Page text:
years ago I vow-ad
My cup o' Joy was brlmrnln" full, an' 1
wuz mlRhty proud.
"Mr Jim 'II make his mark," I said. "The
world will know hts name.
He'll rise above the common run an w'(
HI voice will rinrr throughout the land,
his words electrify."
An' then I sat t' wait fer him t' catch the
I bragged about my Jim a lot. my Jim In
"Hell show 'em how," I told my friends.
"this country shovUl be run.
Jes' wait until he m9es a speech an'
then you'll all admit
That when it comes to wisdom my boy
Jim is full of it-"
An' so we watted. Weeks an" weeks an'
months an' months went by.
An" Jim down there a-tryin' hard t' catch
the speaker's eye.
Jim's back In Washington again. In con
gress makln' laws.
Plumb sure that this term he will gt a
chance f plead hts cause.
Tie's got on come committees, an' some
big men know he's there.
The New York papers quoted him about
some trust affair.
An' ma an' I are praytn' now that we
won't have to die
Afore Jim's reckoned big enough t' get
tha speaker's eye.
--Detroit Free Press.
The Ladiee' hance.
tin the first place, we're going to make
It possible' for women good women to
see the fight. Every man tn the world
wUl be crasy to see it. Why not the
women 7 Tex Rlckard, Promoter of Jeffries-Johnson
Ifow, ladies, we hope you'll be quiet
And not keep on bothering us.
A truce to your howl and your riot.
Your "Give us a vote" and such fuss!
Tour "cause," you've been eager to flaunt
Tour claim for "fair play" may be right.
"Well, here is your chance if you want It
Go buy a good seat for the fight!
For, noU, there'll be ample provision s
For ladles to sit round the ring x
And watch for the fateful decision
That weeping or plaudits shall bring.
And; oven the alav'ry of marriage
Will not be a bar to delight.
There's a check room for each baby car
riage Tou happen to take to the fight.
Tea, ladles, at last real equality
Is granted to you as to man.
pon't look at the gift with frivolity.
But get your seat quick as you can.
What's commonplace voting, -dear ladles,,
Compared with the Jubilant sight
When heavyweights battle Ilka hades
In a regular championship fight T
Two short years ago who'd have dared to
Make such a bold offer to you?
The fool, he'd have never been spared to
His friends, the rash offer to rue.
But at last you have forced him to own
That brutal man's eq-ual you be.
JBy your suffragette tactics you've shown
That you're quite as bloodthirsty as ha
Paul WeeOla New York tVirl1.
the news all the time -The
COURT HOUSE RECORD
Real Estate Transfers.
Graham L. Candor to Henry Flue
gel, lots 1, 2. 3, 4. 6, 6, 10,. 11. 12.
S. Falkovitcb's addition, Rock Isl
Herman Abrahamson to Robert M.
Bennett, part lot 4, Atkinson's sec
ond aadition, Moline, $5,500. '
Robert M. Bennett to Charles H.
Godehn. part lot 4. Atkinson's second
addition. Moline. $6,000.
John X. Hardy to John Hayes Rob
inson, lots 13. 14. block 2, Acme ad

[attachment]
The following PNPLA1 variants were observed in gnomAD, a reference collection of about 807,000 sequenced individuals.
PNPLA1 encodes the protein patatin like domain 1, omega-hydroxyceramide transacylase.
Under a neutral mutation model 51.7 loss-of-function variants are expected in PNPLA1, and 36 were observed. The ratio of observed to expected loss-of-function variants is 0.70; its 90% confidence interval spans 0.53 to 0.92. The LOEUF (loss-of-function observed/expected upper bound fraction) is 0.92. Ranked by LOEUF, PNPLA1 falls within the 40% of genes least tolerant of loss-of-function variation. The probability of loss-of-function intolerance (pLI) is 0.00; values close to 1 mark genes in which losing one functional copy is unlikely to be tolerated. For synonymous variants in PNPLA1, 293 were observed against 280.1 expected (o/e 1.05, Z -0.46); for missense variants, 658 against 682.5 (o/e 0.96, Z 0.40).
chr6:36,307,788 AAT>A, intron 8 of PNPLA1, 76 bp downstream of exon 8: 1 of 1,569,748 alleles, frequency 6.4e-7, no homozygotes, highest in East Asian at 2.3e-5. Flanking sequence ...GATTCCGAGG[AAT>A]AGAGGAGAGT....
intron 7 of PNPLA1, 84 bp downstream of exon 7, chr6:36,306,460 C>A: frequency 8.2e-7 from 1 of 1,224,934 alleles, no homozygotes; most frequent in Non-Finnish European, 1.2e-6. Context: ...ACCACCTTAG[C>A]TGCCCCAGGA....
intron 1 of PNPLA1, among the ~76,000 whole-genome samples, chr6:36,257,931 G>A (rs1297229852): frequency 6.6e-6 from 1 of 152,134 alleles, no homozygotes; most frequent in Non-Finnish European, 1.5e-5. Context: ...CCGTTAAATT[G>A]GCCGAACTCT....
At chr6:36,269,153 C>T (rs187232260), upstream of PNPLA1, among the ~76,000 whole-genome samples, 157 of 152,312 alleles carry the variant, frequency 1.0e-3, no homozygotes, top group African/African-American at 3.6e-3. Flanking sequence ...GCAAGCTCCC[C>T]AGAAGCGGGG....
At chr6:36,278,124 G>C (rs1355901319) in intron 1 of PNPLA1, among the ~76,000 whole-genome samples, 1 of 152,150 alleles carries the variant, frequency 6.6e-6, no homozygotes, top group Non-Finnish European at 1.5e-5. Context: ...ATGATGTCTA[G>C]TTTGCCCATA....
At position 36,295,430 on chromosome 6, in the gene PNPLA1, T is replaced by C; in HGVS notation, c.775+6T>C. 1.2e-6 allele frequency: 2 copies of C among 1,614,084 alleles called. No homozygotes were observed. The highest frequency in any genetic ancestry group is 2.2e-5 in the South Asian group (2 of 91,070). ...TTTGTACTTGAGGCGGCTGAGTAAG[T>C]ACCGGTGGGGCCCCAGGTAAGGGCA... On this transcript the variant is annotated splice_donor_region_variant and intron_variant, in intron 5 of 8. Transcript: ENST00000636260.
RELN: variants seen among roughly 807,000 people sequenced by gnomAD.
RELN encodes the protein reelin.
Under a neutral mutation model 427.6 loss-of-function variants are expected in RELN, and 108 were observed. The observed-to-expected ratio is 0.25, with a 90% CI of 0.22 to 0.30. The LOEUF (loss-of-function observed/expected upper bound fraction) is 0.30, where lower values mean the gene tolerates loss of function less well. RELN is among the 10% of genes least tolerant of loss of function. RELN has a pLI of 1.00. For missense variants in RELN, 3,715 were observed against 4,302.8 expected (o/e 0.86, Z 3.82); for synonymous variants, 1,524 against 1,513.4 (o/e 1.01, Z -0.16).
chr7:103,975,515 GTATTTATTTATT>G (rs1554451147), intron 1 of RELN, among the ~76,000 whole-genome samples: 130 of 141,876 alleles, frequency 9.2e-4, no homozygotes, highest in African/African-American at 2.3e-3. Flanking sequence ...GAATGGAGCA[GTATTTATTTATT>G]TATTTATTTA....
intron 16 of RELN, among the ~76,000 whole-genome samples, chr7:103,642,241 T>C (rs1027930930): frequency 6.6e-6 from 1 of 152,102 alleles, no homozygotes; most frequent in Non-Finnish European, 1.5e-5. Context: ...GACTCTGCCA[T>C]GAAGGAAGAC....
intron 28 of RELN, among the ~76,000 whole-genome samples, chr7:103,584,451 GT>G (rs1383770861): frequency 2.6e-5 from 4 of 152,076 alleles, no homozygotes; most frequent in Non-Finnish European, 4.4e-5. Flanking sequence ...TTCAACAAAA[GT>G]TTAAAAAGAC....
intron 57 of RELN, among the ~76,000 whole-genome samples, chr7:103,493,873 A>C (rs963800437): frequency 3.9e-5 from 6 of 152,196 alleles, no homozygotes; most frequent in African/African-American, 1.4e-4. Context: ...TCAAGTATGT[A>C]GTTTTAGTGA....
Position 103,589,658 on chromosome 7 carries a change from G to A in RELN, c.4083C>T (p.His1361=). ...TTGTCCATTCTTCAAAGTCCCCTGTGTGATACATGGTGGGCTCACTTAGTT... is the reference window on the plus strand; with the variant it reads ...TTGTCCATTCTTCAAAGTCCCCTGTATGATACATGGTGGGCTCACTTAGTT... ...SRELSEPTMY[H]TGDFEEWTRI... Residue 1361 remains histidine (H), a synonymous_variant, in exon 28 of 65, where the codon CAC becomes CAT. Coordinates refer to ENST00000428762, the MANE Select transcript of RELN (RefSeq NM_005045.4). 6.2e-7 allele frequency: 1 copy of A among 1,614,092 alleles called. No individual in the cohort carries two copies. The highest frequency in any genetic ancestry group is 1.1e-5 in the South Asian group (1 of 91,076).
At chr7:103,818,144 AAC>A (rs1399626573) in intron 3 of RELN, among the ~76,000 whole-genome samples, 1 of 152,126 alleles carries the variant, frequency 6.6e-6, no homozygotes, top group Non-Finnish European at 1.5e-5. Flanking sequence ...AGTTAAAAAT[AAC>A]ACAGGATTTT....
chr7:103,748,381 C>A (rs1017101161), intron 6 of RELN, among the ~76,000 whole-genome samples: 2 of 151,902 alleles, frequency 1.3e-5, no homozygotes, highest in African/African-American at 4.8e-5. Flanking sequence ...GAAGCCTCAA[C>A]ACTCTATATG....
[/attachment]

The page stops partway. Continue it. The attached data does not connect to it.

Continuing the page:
dition. Moline, $1. -
Frederick G. Raisch to Frederick
H. Ficken, lots 4, 9, $1.
E. H. Stafford to Joseph L. Early,
lot 7, block 6, town of Silvis. $400.
Dahn & Muhleman to William
Kckerman, lot 12. block 6. It. Daven
port's fourth addition. Rock Island.
Sarah L-. Osborne to Harry Roth
kofsky, east quarter lot 4, block 18.
Old Town. Rock Island. $1,800.
TWO ORPHANS AS ROBBER
KnteriMl farcer of Crime to "Go,
Kvcn" with CJuardian ln Ie.
St. Louis. Mo., Dec. 22. Georsi
and Lawrence TfTomas, rrphan bom
of J. Q. Thomas, former freight and
passenger agent for the Atchison.
Topeka and Santa Fe railroad nt
Pueblo, Colo., yesterday confpfsoij
highway robbery and burglary to tho
police here. Their parents pro
killed in a railroad wreck in Aucui-t.
With the boys, who are 19 and f?
years old. Is Joseph Kubat. who ny
that his home is In New York. Ho,
declares he enlisted in the T"nit-(i
States marine corps here five days
George Thomas, the elder brothr,
told the police that they undertook
their exploits to "get even" with
their uncle and guardian. Nathan K.
Waters, head of a manufacturing
concern here and a resident of Web
ster Grove, a suburb of Ft, Louis, bf
cause of his refusal to give then un
limited spending money.
A NICE CHRISTMAS GIFT
A FINELY MADE
TO VOtTR RELATIVES AND FRIENDS WOULD
THEM AS MUCH AS ANT THING POSSIBLE.
GET YOUR ORDER IN NOW
WB WILL GIVE YOU ALL THAT ANY STUDIO CAN, BOTH
IN QUALITY AND PRICE.
OPPOSITE HARPER HOUSE. ENTRANCE BY RAMSER'S
Make Your Christmas a Merry One
Old Santa Claus calls but once a year. Don't bar the door to
keep him out because thingshave not gone well with you finan
cially. The good wife and children may need a lot of little winter
things some warm clothing, shoes for the boys and girls and a few
toys for the little one. MAKE UP YOUR MIND TO GIVE THEM
A REAL OLD FASHIONED HOLIDAY
It's In your power to do it. Because you are 6hort of money Is
no earthly reason your holiday should be gloomy. WE'RE READY
TO ACT AS YOUR BANKERS.
When businoM houses need money they don't hesi
tate to ask their banker. Why should you -the de
serving individual not accept the same privilege?
We'll loan you money on your furniture, piano, horses, wagons,
etc., and make terms to suit your own particular requirements.
Every transaction is straight-forward and confidential. Call and see
us talk over your needs make a happy Christmas for the drserv
Ing wife and little ones. Make up your mind today. If you're too
busy to call, we'll gladly send our representative to you. rhone or
write the most convenient time.
OPEN EVENINGS UNTIL CHRISTMAS
lit. St l bM.
PEQPIE IIATICNALEKKELCll, HO DM 411
OLD PHONE, WEST 12 a NEW BIOS.
OPEN WEDNESDA AND SATURDAY NIGHTS